EU leaders appeared to be nearing consensus on an aid mechanism for Greece based on strict German terms before a high-stakes summit on Thursday and Athens won a reprieve when the European Central Bank extended looser funding rules.
The Greek debt crisis has shaken the credibility of the 16-nation euro zone and leaders are under intense pressure to put an aid system in place that would reassure nervous markets and arrest a crippling rise in Greece's borrowing costs.
But sharp divisions exist within the single currency bloc about how to help Greece, with Germany resisting calls for direct euro zone support for fear this would violate EU rules and encourage fiscal profligacy in the future.
Speaking in parliament before the start of the summit, Chancellor Angela Merkel said she was not against aid for Greece as a last resort, but made clear any agreement had to be on strict German terms and involve the International Monetary Fund.
At the summit ... the German government will push its view that any emergency support should come from a combination of the IMF and joint bilateral help from the euro zone. But again I say, this can only be a last resort, Merkel said.
A good European is not necessarily one who offers help quickly. A good European is one that respects the European treaties and national rights so that the stability of the euro zone is not damaged, she said.
Some members of the euro zone and prominent members of the ECB are dead-set against an IMF role, fearing such a move would only underscore the bloc's inability to solve the deepest crisis in its 11-year existence on its own.
Greek Prime Minister George Papandreou told reporters in Brussels that his country would press ahead with painful austerity measures meant to rein in a creaking budget deficit regardless of what EU leaders decided at the two-day meeting.
Before Merkel spoke, ECB President Jean-Claude Trichet offered some good news to Athens, announcing the central bank would extend looser collateral rules, which were due to expire at the end of this year, into 2011.
Greece was at risk of having its bonds rejected as collateral with the expiry of the relaxed rules, a step that risked triggering an even deeper liquidity crunch.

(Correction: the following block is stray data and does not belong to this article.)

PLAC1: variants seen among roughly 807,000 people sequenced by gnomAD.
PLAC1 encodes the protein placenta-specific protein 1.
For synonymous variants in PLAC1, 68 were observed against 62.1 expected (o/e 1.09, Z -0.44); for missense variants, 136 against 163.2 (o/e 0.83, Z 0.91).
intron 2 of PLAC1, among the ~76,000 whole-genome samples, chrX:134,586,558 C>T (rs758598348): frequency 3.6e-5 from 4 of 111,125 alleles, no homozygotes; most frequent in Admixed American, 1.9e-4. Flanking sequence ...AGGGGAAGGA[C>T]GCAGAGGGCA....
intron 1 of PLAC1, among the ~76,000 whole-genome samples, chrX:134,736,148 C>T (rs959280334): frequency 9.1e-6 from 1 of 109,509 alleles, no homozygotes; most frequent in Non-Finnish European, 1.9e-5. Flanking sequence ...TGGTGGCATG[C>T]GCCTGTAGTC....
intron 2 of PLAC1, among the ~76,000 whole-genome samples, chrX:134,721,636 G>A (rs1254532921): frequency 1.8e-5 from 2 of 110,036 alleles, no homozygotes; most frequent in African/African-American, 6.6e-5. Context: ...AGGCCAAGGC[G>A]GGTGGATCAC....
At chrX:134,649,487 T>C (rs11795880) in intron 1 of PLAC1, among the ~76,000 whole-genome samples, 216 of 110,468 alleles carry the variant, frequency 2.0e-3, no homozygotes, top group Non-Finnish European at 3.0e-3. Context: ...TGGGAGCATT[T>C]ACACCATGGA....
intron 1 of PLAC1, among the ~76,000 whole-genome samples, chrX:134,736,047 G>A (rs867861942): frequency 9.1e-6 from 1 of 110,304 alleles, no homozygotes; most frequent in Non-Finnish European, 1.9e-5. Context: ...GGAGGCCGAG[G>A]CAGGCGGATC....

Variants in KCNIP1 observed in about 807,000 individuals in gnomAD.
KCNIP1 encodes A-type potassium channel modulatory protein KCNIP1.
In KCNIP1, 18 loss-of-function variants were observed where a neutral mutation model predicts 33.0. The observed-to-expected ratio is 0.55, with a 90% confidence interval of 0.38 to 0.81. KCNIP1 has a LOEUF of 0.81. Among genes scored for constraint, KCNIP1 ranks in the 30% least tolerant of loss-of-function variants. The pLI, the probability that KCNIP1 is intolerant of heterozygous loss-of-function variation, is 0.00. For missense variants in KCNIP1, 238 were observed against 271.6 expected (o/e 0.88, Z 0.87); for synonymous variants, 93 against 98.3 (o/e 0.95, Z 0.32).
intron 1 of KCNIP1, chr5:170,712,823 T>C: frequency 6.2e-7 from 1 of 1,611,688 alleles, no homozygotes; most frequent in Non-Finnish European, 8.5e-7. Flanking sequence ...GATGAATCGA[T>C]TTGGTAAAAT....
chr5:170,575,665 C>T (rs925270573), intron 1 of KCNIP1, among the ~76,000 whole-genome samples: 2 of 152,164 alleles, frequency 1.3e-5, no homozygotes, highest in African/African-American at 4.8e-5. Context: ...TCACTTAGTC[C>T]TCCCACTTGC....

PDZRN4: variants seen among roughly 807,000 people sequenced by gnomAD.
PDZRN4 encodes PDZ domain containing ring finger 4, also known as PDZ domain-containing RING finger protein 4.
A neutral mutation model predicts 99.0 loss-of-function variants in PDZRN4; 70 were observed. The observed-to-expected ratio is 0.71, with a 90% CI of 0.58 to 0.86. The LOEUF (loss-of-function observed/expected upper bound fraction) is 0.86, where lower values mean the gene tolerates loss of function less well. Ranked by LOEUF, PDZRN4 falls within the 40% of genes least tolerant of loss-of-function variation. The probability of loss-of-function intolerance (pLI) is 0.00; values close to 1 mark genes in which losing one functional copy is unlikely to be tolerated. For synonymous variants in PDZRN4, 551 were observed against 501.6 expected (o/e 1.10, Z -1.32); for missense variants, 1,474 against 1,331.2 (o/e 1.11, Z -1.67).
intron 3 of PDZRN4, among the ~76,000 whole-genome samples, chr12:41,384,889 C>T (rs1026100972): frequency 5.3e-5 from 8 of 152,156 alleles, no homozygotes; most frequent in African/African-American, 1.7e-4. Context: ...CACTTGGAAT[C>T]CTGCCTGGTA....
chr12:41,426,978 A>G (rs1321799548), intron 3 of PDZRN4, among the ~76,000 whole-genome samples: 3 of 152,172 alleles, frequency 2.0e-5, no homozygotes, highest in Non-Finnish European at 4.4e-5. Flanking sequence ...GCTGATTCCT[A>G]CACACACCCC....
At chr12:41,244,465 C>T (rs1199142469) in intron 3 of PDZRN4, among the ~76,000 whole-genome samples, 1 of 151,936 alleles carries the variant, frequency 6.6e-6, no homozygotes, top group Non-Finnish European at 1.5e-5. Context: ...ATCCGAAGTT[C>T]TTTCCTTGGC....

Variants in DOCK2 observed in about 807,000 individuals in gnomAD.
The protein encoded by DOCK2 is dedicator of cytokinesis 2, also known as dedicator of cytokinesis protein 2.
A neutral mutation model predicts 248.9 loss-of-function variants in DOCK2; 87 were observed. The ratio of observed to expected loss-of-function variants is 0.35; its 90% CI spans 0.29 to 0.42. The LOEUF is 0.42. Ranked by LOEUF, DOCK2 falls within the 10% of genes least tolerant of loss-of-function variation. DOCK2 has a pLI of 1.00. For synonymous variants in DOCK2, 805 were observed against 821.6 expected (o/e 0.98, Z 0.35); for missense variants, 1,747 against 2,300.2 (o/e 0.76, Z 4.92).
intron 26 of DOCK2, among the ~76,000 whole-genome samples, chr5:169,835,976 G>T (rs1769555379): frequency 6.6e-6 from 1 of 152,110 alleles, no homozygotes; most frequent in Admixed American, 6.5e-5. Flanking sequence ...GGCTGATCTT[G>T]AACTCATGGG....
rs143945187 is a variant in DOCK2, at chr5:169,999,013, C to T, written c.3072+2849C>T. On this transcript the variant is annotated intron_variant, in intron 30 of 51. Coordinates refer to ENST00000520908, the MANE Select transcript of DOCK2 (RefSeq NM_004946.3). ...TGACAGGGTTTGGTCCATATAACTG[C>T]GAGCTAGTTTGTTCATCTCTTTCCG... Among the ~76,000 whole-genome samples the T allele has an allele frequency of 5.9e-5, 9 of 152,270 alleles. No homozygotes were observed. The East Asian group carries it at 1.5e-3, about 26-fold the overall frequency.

It is the ECB's contribution to the resolution of the Greek crisis, said Nomura economist Laurent Bilke. It is also a message to the EU that Greece deserves support.
Spreads between Greek bond yields and German benchmarks narrowed slightly after Trichet's announcement.
Athens is still saddled with borrowing costs more than double those of Germany and must borrow some 16 billion euros between April 20 and May 23 alone to refinance maturing debt.
Athens revealed a huge budget deficit last October, shocking investors who sent Greek bond yields soaring. Greece says a standby aid package from the EU would reassure nervous financial markets and preclude the need for it to accept aid.
Greece is determined to deal with its own problems, put its own house in order, said Papandreou. We have already ... embarked on a journey of major radical reform.
Whatever the decision taken today, Greece will move ahead in a positive manner and in the right direction, he said.
CONSENSUS FORMING ON IMF-EU AID
Jean-Claude Juncker, head of the Eurogroup of euro zone finance ministers, said he expected a solution for Greece at the summit that would involve IMF and bilateral European aid.
I believe that we will have a mixed solution. We have come together to get a solution, he said.
Arriving in Brussels, Swedish premier Fredrik Reinfeldt said Stockholm was prepared to offer bilateral aid to Greece if the IMF was involved, although it is not part of the euro zone.
France has resisted any role for the Fund, saying it would be a political humiliation, but diplomats said Paris now seemed willing reluctantly to concede a role for the IMF as the price for securing German backing for a rescue mechanism.
Germany, Europe's biggest economy, faces public opposition to any bailout for Greece and fears direct euro-zone assistance would face legal challenges at home.
Merkel has extra incentive to stick to her guns ahead of a crucial state election on May 9, where defeat would erase her center-right majority in the upper house of parliament.
As a condition, Merkel made clear that EU rules must be rewritten to provide harsher punishment for deficit sinners and give enhanced surveillance powers to the EU statistics agency.
The German people gave up the deutschmark based on their faith in a stable euro. This faith, and this is the view of the entire German government, cannot be disappointed under any circumstances, she said.
EU leaders are concerned Greece's debt-servicing problems could spread to other countries in the euro zone including Portugal, Spain or Italy.
Fitch downgraded Portugal's sovereign debt rating by one notch to AA- on Wednesday. The Portuguese parliament was due to vote later on a resolution of support for the government's austerity programme.